Pope Leo says of families that they are “the “society” of a man’s house — a society very small, one must admit, but none the less a true society, and one older than any State” (RN 12). He delineates some rights that are peculiar to families and apart from the state: it is a law of nature that the father provide for the material needs of his children, which can be achieved in no way but the “ownership of productive property, which he can transmit to his children by inheritance” (RN 13). Families’ ownership of productive property becomes the great target in modernity, from the collective farms of the USSR and China to liberalism’s attack on inheritance (as sexist or perpetuating inequalities) and the protections family businesses have from multinationals.
Some people will no doubt reply that inheritance actually is unjust and sexist. After all, don’t family farms and other productive assets pass down to the eldest son? The reason that this was traditionally done was to protect the asset from being broken up and purchased by someone richer. It’s a lot harder to buy 4 acres off of one person determined to carry on the family business than it is to buy 4 acres split 7 ways. Inheritance does create inequalities no doubt: the Walton heirs didn’t earn a cent of their fortunes, for instance. Attacks on inheritance do not harm people like that, though; inheritance taxes are easily dodged by wealthy people and much harder to dodge among small property owners.
I have done the family a disservice in treating it only as a vehicle for providing material goods. It is obviously important for other reasons than that. It is the strongest bond of loyalty that exists, and it is the building block of every successful community. They are the natural means by which human beings produce, socialize, and educate children. These, too, are reasons why modern ideologies have targeted the family and things that make its hierarchical nature just, but time and space will not permit me to treat those here.
Much more controversial but much more evident, the Church has been a target of every revolution in modern history. If you name a revolution I can probably name a handful of Catholic martyrs who earned their crowns as a consequence of it. Moderns have everywhere gone after the Church’s hierarchical nature; everyone knows about the Reformation, but Kant tells us that enlightenment offers us liberation from those pastors who tell us “Do not argue — believe!,” and Gladstone suggests that “no one can now become [Rome’s] convert without renouncing his moral and mental freedom.”
Let us bracket for a second that both Kant’s Germany and Gladstone’s England had state churches, and both would have us renounce our moral and mental freedom to liberalism. Having difficulty with the hierarchical nature of the Church was really the beginning of modernity, and everywhere she has been the main opposition to it. The Church has 3 major things that it does; it worships God, it evangelizes, and it cares for social justice, and two of these butt up against people like Kant and Gladstone.
Evangelization requires a message to deliver, and any organization without a leader cannot have a cohesive message. The Pope exists primarily as a sort of final court of appeal for doctrinal disputes, and he is what allows the Catholic Church to have doctrinal unity. All attacks on hierarchy, and especially on the hierarchy of the Church, must necessarily be attacks, if not on the truth itself, than on the idea that we can know truth. Notice that all modern ideologies inevitably collapse into will or utility as the justification for their actions; there is no alternative if we cannot know the truth definitively. Sapere Aude indeed.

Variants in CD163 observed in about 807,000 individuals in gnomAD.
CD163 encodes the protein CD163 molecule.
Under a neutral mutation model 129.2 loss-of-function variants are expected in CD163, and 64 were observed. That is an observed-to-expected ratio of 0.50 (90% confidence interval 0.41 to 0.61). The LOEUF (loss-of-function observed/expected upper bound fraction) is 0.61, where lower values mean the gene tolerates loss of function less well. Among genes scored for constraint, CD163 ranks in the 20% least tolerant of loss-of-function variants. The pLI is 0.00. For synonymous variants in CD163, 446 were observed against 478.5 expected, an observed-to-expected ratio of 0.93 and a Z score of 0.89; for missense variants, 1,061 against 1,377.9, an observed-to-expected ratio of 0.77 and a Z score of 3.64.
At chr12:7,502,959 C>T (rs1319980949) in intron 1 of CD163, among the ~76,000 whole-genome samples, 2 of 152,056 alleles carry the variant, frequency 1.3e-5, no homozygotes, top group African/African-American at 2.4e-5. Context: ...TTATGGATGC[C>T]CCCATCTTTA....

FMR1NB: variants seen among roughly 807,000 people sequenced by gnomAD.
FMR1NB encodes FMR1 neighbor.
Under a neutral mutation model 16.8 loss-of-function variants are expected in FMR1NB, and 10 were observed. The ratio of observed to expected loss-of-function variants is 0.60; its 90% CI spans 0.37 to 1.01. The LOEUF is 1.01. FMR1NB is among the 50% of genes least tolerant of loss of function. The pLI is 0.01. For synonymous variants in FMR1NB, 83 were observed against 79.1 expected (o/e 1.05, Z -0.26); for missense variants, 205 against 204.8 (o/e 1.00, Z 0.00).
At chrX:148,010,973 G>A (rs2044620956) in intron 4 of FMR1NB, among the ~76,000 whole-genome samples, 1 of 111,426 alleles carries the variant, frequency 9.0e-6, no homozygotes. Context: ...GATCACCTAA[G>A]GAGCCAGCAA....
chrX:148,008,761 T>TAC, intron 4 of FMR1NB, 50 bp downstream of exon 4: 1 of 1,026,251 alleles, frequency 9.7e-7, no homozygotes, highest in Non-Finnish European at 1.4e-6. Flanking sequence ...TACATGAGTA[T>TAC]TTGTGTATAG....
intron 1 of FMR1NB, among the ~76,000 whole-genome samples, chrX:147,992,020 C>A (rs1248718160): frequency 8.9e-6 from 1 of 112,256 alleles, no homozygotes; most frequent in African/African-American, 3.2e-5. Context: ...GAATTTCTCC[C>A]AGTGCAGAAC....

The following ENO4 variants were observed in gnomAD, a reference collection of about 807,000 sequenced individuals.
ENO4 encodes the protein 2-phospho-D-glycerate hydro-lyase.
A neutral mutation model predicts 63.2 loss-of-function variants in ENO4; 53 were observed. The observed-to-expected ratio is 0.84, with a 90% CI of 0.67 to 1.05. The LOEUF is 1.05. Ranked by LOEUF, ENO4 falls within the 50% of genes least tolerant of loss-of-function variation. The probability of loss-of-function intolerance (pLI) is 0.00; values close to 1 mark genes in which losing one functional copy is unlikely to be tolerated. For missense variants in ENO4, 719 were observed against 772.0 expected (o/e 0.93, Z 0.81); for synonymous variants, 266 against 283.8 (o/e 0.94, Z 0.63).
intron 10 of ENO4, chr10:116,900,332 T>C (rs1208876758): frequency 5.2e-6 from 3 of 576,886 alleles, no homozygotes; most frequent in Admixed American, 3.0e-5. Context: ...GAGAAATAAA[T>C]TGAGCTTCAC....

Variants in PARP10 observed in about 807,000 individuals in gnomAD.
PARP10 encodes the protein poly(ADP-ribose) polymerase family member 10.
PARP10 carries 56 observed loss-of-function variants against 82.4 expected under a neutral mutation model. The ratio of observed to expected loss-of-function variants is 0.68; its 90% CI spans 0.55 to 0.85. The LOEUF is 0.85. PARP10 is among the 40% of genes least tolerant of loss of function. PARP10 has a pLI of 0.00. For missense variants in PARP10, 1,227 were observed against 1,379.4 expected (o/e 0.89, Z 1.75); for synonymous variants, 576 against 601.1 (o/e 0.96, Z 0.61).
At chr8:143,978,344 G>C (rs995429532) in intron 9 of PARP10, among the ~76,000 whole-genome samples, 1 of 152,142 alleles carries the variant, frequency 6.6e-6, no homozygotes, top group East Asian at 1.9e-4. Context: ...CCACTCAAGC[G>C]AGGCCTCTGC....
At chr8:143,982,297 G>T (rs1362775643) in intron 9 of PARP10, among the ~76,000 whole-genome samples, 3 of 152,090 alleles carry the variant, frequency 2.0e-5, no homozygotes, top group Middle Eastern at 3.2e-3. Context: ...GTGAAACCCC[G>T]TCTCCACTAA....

The Church’s social commitments have to a lesser but not insignificant degree also made it a target. The clergy were the only voice which said we ought to treat indigenous peoples as humans; they criticized the institution of slavery; and in modern times they were amongst the only voices against war, eugenics, and fascism (it was basically only Churchill and Pope Pius XI who were remotely concerned about Hitler before the invasion of Poland).
Both of these things protect ordinary people from the state. It is self evident how the Church’s social justice commitments do this: even on a less controversial and smaller scale, the Church runs orphanages, soup kitchens, homeless shelters, and so on, which are essential components of a community. Claiming to know the truth, though, is incredibly important for individuals’ ordinary lives. The Church alone has the capacity to judge between different ways of life and tell people “this is how you ought to live,” which is something all need to know.
This will be short, and you are probably very confused. The king is outside of the state? The king is a platoon? Yes, let me explain.
In most monarchies the king reigns, but does not govern. People will argue whether they ought to or not (again time and space will not permit me to) but this means that much of their real power is ‘soft’ and outside of the state. Politically, the king has certain prerogatives that remain in the constitution, which means that he is a powerful agent who will always fight for those inherited rights which ordinary people benefit from. This is no doubt an important role, (Burke noticed this first) but their soft power manifests in other ways too.
Consider the Queen’s Canopy, a program begun by Her Majesty as a conscious component of her legacy. Because of the soft power wielded by the Queen, 53 countries around the world have protected massive tracts of forest for future generations to enjoy. Monarchs have a unique concern for their realms that extends far beyond their lifespan which no politician or even member of a non-hierarchical council can share. They allow things, essential to the common good and otherwise, to be preserved, which would be eliminated otherwise.
Additionally, monarchs are large private landowners. Many farmers in England are tenants of the Queen and work the land she owns. Like inheritance on a micro scale, the Queen’s inheritance protects farmers and the land she owns from exploitation by capital. This particular hierarchical model is an important protection and one which many nations no longer have.
There are many more hierarchies which exist to protect people from the state and from capital; this article was just an introduction to three. I hope it’s made clear some of the dangers abolishing old hierarchies bring, and if not, at least you might have come away with a slightly better understanding of the political.